Serious dealers go very early in the morning and you should, too. Take the Métro line 4 to Porte de Clignancourt and follow the crowds up and across the large concrete overpass. Take care to pass the unlicensed street vendors you’ll pass along the way and don’t be fooled as many visitors who stop, thinking they shopped the official market. We urge special caution here because this is where the slick pickpockets do their work on confused tourists unfamiliar with the area. Keep your camera and bag tightly under your control and politely wave off anyone who tries to stop you and keep moving.
Enter the official market and proceed along the main artery, avenue de la Porte de Clignancourt, then head left at rue des Rosiers to reach separate markets, which tend to run into each other without distinction.
Are there really deals to be had? Will a vendor take you for a ride? Cela dépend. It depends on your knowledge and understanding of what you’re hoping to buy. If you are a savvy collector who knows her stuff, is fluent in French and well versed in the art of haggling, you may do well. But it’s a worthwhile experience even if you don’t speak French and want to spend a few hours exploring and perhaps shopping for souvenirs. If you’re seriously shopping for something expensive and rare, you’d do well to hire a private guide who specializes in such matters.
Like all Paris markets, all prices are negotiable. You’ll have a better chance of negotiating with these seasoned vendors if you spend some time chatting with the vendors (many speak English) and sincerely admiring the merchandise.
Many claim the best finds are found in Marché Vernaison, 99, rue des Rosiers, and its smaller next-door neighbor, Marché Antica, where over 200 vendors sell Provençal cookware, antique toys, French Empire-era clocks, Oriental rugs, sepia postcards, old perfume decanters, Art Nouveau vases and much more.
Other “don’t miss” Marché aux Puces de Paris/St-Ouen markets:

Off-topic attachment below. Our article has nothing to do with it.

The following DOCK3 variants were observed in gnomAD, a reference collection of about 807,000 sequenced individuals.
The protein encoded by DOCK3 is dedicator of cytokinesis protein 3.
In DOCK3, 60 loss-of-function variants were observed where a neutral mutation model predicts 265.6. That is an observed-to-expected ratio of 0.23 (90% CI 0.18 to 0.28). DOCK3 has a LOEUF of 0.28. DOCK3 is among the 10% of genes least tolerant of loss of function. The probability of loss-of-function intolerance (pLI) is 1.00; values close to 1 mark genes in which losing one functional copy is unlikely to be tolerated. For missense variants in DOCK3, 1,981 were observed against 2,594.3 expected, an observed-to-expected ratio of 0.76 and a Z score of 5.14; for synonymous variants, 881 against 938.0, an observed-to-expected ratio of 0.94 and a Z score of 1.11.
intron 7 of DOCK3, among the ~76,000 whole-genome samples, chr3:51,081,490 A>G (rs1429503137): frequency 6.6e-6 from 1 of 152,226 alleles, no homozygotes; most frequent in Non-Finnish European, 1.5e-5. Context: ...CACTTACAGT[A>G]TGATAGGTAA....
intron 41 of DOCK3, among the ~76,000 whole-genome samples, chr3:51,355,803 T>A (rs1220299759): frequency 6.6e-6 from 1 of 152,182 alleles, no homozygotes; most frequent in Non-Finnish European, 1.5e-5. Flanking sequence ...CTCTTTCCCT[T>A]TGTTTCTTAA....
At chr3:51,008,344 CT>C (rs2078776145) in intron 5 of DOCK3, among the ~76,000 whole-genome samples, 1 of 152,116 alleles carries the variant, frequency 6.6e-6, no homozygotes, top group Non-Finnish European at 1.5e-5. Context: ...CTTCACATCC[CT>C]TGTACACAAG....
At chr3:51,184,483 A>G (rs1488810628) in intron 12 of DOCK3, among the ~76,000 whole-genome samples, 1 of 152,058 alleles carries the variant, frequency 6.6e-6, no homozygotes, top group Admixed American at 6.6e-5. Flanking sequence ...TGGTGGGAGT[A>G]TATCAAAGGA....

The official website lists and describes all of the markets. Some highlights include:
Marché Biron, 85, rue des Rosiers, has seemingly infinite pieces of country-style wood furniture. It also carries gilded King Louis XV and King Louis XVI, French Empire-style furniture.
Marché Cambo, 75, rue des Rosiers, is a good place to browse, but it is easily missed because looks like a warehouse tucked behind Marché Biron.
Marché Malassis, 142, rue des Rosiers, sells furniture, 18th- & 19th-century objects, silver items, and Asian pieces.
The newest market, Marché Dauphine at 140, rue des Rosiers is one of the largest markets within the Marché aux Puces and has everything from rare antiques to ornamental furniture pieces, to books and prints, vintage clothing, rugs, and even garden pots.
Marché Serpette, 110, rue des Rosiers and Marché Paul Bert at 18, rue Paul Bert have a huge selection of furniture, paintings, mirrors, vintage clothing, art deco furniture, kitchenware, and much more.
Métro: 4, Porte de Clignancourt
Bus: 56, 60, 85, 95, 137, 166, 255
- Saturday 9am-6pm
- Sunday 10am-6pm
- Monday 11am-5pm (vendors stop sales for lunch breaks and many dealers are only open for advance appointments)
PHOTO CREDITS: Antique postcard, public domain image; Chez Louisette ©elaineh; Antiquaire. Photo: iris_iris and Rusting bust. Photo: sarahs97
Janet deAcevedo Macdonald is a former Paris resident.